There’s growing evidence that vitamin D health benefits not only includes bone strength, but it can also protects against respiratory infections. This includes the common cold, flu and other respiratory viruses, like Covid-19. Following an analysis by Professor Martineau and colleagues of 42 clinical trials on vitamin D, researchers found that a daily dose of between 10 mcg and 25 mcg protects against respiratory tract infections.
This is good news for everyone, but especially for people, such as asthmatics, who may have more severe symptoms when they’re infected with a respiratory virus.

Can vitamin D reduce inflammation?

Reducing chronic inflammation in your body is another one of the key vitamin D health benefits, according to a wide-ranging analysis, published in the International Journal of Molecular Sciences. It suggests the vitamin can dampen down inflammatory responses in your immune system.

This is important because chronic inflammation is linked to many illnesses, such as cancer, diabetes, heart disease, autoimmune diseases and neurodegenerative diseases, such as Alzheimer’s or Parkinson’s.

Can vitamin D improve mental health?

The vitamin may also boost mental health as several studies found vitamin D supplementation eased clinical depression in some people.

Of course, the science behind vitamin D is constantly evolving. New studies will bolster its benefits or unpick them. While the science unfolds, think of vitamin D as an extremely useful tool for boosting your immune system and maintaining good health.

How can I boost my vitamin D?

5 natural sources of vitamin D

Registered dietitian Lucy Perrow of the British Dietetic Association shares some of her best advice for topping up your levels of the sunshine vitamin.vitamin d benefits sunshine

1. Sunlight

Vitamin D isn’t found in many foods, so we should get at least 5-30 minutes of sun exposure daily. This means sunlight on hands, arms, legs or face while uncovered by clothes or sunscreen. But it’s a balancing act, because too much sun exposure can increase risk of skin cancer. So do limit your sun exposure to the stated times.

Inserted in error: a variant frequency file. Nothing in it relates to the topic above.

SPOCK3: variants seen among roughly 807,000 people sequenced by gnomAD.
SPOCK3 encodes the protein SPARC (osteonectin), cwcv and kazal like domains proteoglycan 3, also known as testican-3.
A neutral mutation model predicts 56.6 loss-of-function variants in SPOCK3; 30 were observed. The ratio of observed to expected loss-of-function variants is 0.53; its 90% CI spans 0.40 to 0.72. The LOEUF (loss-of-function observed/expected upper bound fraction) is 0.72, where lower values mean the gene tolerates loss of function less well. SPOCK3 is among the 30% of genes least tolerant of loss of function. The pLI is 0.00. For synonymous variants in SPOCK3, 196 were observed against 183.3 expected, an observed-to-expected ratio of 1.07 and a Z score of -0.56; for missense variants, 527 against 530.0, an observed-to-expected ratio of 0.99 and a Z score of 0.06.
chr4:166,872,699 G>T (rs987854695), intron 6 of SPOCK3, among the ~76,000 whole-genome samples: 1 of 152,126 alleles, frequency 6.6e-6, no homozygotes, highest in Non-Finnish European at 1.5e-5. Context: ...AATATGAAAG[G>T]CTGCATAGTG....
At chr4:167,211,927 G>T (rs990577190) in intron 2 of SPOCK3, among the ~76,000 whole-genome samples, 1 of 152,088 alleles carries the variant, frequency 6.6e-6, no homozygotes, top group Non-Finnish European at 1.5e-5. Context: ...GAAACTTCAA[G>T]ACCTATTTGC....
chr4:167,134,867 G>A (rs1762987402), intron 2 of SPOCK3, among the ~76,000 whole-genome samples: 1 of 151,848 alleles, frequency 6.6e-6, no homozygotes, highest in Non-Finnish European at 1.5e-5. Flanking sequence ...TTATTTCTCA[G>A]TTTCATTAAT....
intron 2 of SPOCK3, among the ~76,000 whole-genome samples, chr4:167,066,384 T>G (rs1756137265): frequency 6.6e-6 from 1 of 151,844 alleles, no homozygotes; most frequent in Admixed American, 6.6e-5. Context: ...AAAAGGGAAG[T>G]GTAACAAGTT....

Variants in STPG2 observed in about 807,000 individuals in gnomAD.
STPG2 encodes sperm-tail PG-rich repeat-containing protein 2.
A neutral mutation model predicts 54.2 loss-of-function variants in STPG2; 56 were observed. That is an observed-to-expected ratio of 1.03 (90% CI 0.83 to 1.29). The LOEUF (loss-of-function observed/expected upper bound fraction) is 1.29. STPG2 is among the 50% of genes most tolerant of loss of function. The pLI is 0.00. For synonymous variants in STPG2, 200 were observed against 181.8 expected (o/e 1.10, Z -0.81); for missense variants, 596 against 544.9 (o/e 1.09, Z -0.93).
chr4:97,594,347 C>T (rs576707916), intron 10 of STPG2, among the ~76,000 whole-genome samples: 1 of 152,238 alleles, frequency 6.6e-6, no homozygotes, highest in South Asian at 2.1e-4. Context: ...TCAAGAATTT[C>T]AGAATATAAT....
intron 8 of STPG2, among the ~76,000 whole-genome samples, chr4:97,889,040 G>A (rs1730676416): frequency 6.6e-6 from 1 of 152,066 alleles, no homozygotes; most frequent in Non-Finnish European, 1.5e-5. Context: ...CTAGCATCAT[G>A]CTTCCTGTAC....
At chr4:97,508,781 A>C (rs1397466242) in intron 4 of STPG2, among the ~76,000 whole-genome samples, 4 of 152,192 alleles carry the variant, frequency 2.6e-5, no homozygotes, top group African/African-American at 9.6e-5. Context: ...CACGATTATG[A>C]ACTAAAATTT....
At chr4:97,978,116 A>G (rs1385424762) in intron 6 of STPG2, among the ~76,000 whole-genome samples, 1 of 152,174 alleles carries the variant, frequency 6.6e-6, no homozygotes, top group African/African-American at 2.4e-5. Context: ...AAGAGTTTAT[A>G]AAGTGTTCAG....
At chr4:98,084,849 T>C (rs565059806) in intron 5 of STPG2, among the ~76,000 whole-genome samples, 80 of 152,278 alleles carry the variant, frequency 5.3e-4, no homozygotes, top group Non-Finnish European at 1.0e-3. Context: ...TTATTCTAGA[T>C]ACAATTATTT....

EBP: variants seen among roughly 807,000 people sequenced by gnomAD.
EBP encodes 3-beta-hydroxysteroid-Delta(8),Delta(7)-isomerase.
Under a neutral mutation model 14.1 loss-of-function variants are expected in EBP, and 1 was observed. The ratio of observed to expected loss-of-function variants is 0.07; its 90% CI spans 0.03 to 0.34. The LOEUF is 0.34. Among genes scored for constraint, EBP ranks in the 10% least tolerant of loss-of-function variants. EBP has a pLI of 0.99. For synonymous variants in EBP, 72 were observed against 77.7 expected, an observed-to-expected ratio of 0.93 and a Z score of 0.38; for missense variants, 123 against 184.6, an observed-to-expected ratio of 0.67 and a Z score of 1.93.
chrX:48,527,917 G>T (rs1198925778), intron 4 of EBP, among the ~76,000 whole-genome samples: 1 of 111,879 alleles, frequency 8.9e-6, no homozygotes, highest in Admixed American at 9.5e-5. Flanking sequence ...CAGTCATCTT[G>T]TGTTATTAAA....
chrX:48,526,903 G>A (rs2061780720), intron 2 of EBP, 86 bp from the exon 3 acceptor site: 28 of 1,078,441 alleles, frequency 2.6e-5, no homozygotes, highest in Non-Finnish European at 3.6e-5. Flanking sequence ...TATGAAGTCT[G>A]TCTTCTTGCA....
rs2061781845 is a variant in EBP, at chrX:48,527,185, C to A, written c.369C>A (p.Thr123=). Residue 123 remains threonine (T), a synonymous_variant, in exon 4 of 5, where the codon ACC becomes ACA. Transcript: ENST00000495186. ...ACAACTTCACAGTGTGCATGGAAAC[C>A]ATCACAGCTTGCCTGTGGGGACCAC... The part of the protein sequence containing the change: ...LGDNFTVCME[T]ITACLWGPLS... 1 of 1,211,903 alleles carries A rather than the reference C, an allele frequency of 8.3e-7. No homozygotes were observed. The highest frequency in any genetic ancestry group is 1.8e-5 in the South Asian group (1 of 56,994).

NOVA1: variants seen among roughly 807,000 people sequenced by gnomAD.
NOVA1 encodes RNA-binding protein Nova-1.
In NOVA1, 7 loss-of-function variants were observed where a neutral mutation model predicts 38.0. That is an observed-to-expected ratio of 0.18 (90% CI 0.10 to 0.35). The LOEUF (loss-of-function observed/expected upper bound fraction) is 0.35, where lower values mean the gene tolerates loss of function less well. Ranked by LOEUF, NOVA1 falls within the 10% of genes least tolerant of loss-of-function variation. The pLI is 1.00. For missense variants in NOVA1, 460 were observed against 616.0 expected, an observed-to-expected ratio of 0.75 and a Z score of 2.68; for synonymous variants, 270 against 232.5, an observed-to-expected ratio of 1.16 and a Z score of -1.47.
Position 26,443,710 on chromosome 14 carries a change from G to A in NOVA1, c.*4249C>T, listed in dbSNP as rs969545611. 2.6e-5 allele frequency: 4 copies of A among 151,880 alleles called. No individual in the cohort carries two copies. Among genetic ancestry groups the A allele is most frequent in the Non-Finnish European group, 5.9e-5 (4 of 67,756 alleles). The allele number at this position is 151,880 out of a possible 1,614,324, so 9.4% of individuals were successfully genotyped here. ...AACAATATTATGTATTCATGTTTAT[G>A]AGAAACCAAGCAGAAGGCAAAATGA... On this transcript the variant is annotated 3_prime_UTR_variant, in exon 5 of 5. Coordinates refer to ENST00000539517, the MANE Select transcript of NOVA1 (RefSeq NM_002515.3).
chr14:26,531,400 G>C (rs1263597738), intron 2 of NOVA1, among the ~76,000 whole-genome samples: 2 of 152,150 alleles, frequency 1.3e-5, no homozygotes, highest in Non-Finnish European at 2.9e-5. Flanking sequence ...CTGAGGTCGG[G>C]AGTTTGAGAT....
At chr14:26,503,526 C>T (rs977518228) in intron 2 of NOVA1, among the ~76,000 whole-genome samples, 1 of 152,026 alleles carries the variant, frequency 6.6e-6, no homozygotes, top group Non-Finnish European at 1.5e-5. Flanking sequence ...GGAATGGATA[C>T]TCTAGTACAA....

However, in the UK you can’t usually get enough sunlight between October and March. This means we are recommended to take a vitamin D supplement of 10mcg per day. Year-round supplementation is important for people with darker skin tones. This is due to increased melanin, which blocks UV, so less light is able to penetrate into deeper layers where vitamin D is made.

2. Oily fish

Because vitamin D is a fat-soluble vitamin, you tend to find it in fatty or oily foods. About one large fillet or 140 grams of fish, such as salmon or mackerel, would approximately provide the recommended intake. Or, one teaspoon of cod liver oil contains about 34 mcg.

3. Mushrooms

When grown in UV light these are a great veggie and vegan way to get vitamin D from food. About two portobello mushrooms, four chestnut mushrooms or 14 button mushrooms would provide your daily allowance. The UV-light mushrooms are widely available in supermarkets – likely to be labelled as ‘high in vitamin D’ or ‘vitamin enriched’ on the packaging.

4. Eggs

These are a good source of vitamin D. However, you’d have to eat 6-10 per day to meet your recommended daily dose! Instead, include them regularly in your diet to count towards your vitamin D intake.

5. Cereals

Many breakfast cereals are fortified with vitamin D. A 30g serving provides about 1.5 mcg. So, this counts towards your daily intake. Some brands of soy, almond, oat or cow’s milk have vitamin D added to them. Be sure to check the packaging to see if it’s included.